The harmonised measure of inflation currently published in the euro area does not take into account costs related to owner-occupied housing. There are several ways of capturing these costs, including the “imputed rent” and “net acquisition” approaches. Incorporating these costs into the measure of inflation produces different results depending on the method used, and the size and sign of the impact vary over time.
In the euro area, the European Central Bank’s (ECB) target measure of inflation relies on the Harmonised Index of Consumer Prices (HICP). However, this index does not take into account all of the housing costs incurred by households. While it does include rent payments by tenants (around 7.5% of the household consumption basket in the euro area, and 7.8% in France), as well as expenditure on utilities, maintenance, minor repairs etc. (4.4% for the euro area and 3.8% for France), it does not include the cost of owner-occupied housing (OOH). As a result, if the trajectory of OOH-related costs differs from that of other prices, taking them into account could affect the measure of inflation. It could also be a source of heterogeneity between euro area countries: for example, if OOH costs rise by more than the HICP, then the higher a country’s home-ownership rate, the more its HICP will be underestimated. This is why the ECB chose to examine the issue as part of its monetary policy strategy review, which concluded in July 2021.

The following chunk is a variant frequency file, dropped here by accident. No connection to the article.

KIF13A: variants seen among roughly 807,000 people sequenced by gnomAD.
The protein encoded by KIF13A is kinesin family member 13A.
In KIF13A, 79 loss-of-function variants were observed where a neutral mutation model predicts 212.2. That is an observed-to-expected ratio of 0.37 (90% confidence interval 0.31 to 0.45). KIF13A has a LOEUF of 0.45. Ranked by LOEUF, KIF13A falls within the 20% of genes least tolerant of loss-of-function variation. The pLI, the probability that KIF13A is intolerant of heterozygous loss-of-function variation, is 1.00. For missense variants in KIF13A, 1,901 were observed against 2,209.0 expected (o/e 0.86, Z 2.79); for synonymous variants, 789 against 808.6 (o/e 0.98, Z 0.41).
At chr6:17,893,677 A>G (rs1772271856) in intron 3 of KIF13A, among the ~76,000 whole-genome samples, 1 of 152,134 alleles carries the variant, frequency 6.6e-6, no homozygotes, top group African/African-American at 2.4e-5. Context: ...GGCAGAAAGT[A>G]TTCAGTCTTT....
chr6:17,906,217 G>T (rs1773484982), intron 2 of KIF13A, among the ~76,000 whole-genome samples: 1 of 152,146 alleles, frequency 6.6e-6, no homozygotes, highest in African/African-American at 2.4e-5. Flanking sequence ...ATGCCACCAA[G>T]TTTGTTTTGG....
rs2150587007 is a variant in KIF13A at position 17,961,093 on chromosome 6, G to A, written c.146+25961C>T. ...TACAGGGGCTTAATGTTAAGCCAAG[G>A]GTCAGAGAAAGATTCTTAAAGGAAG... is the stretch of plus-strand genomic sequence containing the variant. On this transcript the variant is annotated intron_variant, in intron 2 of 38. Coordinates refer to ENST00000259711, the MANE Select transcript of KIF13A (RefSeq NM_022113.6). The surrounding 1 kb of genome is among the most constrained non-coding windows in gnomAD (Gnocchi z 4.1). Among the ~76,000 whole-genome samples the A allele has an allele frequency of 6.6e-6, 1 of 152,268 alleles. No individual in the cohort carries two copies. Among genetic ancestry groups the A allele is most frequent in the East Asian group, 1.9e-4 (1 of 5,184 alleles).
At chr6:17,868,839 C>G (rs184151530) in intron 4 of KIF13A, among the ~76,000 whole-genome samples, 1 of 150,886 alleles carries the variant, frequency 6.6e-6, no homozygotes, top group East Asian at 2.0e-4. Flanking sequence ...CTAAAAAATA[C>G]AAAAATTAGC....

There are various ways of measuring OOH costs, but two approaches are the focus of particular debate in the euro area, each with its own advantages and drawbacks.
The imputed rent method consists in calculating the rent that home-owners would pay if they were tenants of their property. Imputed rents are already captured in the consumer price deflator in national accounting, and several countries take them into account in their national price indices (United States, Japan, Switzerland, Norway), including some in the euro area (Germany, the Netherlands). Using the imputed rent method would provide data at a monthly frequency, in line with the HICP; however, the approach is not based on actual monetary transactions, which is a requirement for the HICP. Calculating imputed rents can also be complex in countries where the rental market is small or segmented.
An alternative method is the “net acquisition” approach. This consists in measuring the purchase price of owner-occupied houses at the time of the transaction for newly built dwellings or dwellings purchased by households from sectors other than households. It thus excludes all purchases of second-hand dwellings from other households.
The net acquisition approach is used by Australia, New Zealand and Finland for their national consumer price indices. It is based on actual monetary transactions. Eurostat has also used it since 2014 to compile an owner-occupied housing price index (OOHPI). However, this index, which also captures expenditure relating to maintenance, repair and insurance, is only available on a quarterly basis and is published around 95 days after the end of the reporting quarter. Another drawback of the net acquisition approach is that it extends beyond the scope of consumption expenditure by including the price of investment property, which is similar to a financial asset. In the longer term it would be desirable to exclude the financial component from acquisition prices, for example by subtracting land prices, but this currently poses complex measurement challenges.